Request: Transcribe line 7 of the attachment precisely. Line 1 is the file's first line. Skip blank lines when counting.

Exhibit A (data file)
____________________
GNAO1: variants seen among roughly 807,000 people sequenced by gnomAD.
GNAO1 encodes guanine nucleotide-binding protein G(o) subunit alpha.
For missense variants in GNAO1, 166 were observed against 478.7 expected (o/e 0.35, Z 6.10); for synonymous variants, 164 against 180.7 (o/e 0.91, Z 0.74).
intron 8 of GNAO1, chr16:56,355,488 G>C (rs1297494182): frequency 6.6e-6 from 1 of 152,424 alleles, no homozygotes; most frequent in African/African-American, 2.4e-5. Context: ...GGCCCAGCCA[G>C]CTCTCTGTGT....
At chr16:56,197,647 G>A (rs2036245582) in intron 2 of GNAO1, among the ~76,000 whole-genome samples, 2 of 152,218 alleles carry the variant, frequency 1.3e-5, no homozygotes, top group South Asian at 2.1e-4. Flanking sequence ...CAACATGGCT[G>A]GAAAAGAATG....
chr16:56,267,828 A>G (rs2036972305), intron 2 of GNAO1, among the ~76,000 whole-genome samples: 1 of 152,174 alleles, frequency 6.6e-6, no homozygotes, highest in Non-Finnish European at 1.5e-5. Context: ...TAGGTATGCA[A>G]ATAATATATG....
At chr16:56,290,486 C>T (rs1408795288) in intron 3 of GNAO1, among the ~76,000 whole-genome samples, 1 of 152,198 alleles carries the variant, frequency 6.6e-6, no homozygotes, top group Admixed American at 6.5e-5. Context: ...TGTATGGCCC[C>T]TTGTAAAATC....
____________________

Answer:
At chr16:56,290,486 C>T (rs1408795288) in intron 3 of GNAO1, among the ~76,000 whole-genome samples, 1 of 152,198 alleles carries the variant, frequency 6.6e-6, no homozygotes, top group Admixed American at 6.5e-5. Context: ...TGTATGGCCC[C>T]TTGTAAAATC....